Ex-N.Y. Fed Employee Pleads Guilty to Leaking Documentsby and
Misdemeanor plea tied to 2014 leak from Fed to Goldman Sachs
Goldman Sachs earlier agreed to pay $50 million over leak
A former staffer at the Federal Reserve Bank of New York pleaded guilty to stealing confidential government documents and giving them to his former boss, then a junior banker at Goldman Sachs Group Inc.
The ex-Fed employee, Jason Gross, admitted in Manhattan federal court Wednesday to leaking the material to Rohit Bansal, a former Goldman Sachs banker. Bansal will plead guilty Thursday to a misdemeanor charge, a person familiar with the matter said.
Gross, 37, faces as long as 12 months in jail on the misdemeanor charge when he’s sentenced March 2. His lawyer, Bruce Barket, said he will ask for no jail time.
“He’s a relatively young man who obviously made an error,” Barket said outside court.
The pleas stem from purloined Fed documents that included information from the regulator on a mid-sized New York bank that Bansal’s group had been advising. Bansal obtained about 35 documents on approximately 20 occasions from Gross, according to a settlement last week between Goldman Sachs and the New York Department of Financial Services.
Gross sent the confidential documents to Bansal’s personal e-mail address, and Bansal forwarded those to his Goldman e-mail account, the regulator said. Bansal then circulated some of the Fed documents to senior personnel at Goldman including partner Scott Romanoff and a managing director, Joseph Jiampietro, both of whom were identified by title and not named by the regulator.
Goldman Sachs got the nickname “Government Sachs” because of the number of executives who moved into public posts, including former Chief Executive Officer Robert Rubin who was treasury secretary under President Bill Clinton. Bank of England Governor Mark Carney and Federal Reserve Bank of New York President William Dudley also worked there.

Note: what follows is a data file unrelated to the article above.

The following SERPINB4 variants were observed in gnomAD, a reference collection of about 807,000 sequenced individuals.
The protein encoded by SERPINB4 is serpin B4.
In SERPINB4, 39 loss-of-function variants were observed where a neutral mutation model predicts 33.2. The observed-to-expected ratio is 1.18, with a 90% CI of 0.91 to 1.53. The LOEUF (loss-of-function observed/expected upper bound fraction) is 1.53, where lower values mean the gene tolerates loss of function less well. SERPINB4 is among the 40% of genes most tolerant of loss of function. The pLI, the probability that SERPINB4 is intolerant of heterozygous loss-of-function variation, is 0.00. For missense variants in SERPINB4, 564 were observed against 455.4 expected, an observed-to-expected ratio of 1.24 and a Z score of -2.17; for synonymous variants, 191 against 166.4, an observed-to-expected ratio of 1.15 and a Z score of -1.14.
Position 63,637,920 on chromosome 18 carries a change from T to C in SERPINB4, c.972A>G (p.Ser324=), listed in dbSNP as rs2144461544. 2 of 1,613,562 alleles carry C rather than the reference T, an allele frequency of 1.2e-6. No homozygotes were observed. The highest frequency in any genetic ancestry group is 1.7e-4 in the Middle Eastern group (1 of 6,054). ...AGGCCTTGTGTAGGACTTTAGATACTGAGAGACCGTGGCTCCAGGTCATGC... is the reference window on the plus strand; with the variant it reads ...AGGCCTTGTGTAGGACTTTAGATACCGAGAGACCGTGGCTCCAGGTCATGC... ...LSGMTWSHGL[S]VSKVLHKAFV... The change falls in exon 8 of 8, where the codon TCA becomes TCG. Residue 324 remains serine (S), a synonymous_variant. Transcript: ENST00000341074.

Under the settlement with the DFS, Goldman Sachs will pay a $50 million fine and face new restrictions for the next three years on how it handles delicate regulatory information. The bank admitted it failed to properly supervise the employee who received the confidential Fed information.
The leak was detected when Romanoff received one of the documents, called Bansal and asked where he got it. Bansal told him it came from the Fed, and Romanoff alerted the bank’s compliance department, according to the regulator.
The bank conducted an internal investigation, notified regulators and fired Bansal and a supervisor, according to an e-mailed statement Monday from Goldman Sachs.
“We have zero tolerance for improper handling of confidential information,” Goldman Sachs said in the statement. “We have reviewed our policies regarding hiring from governmental institutions and have implemented changes to make them appropriately robust.”
Gross was fired by the New York Fed for sharing information with Bansal, according to two people briefed on the matter. The New York Fed said in a statement in November that it has “zero tolerance” for employees who don’t safeguard confidential information.
The cozy relationship between the government and Wall Street has drawn criticism from presidential candidates including Texas Senator Ted Cruz, who said in a March interview on Bloomberg’s “With All Due Respect” that banks such as Goldman Sachs shouldn’t get favors from the government.
“My criticism with Washington is they engage in crony capitalism,” Cruz said in the interview. “They give favors to Wall Street and big business.” Cruz’s wife, Heidi, was a managing partner at Goldman Sachs.
The case is U.S. v. Gross, 15-cr-00766, U.S. District Court, Southern District of New York (Manhattan).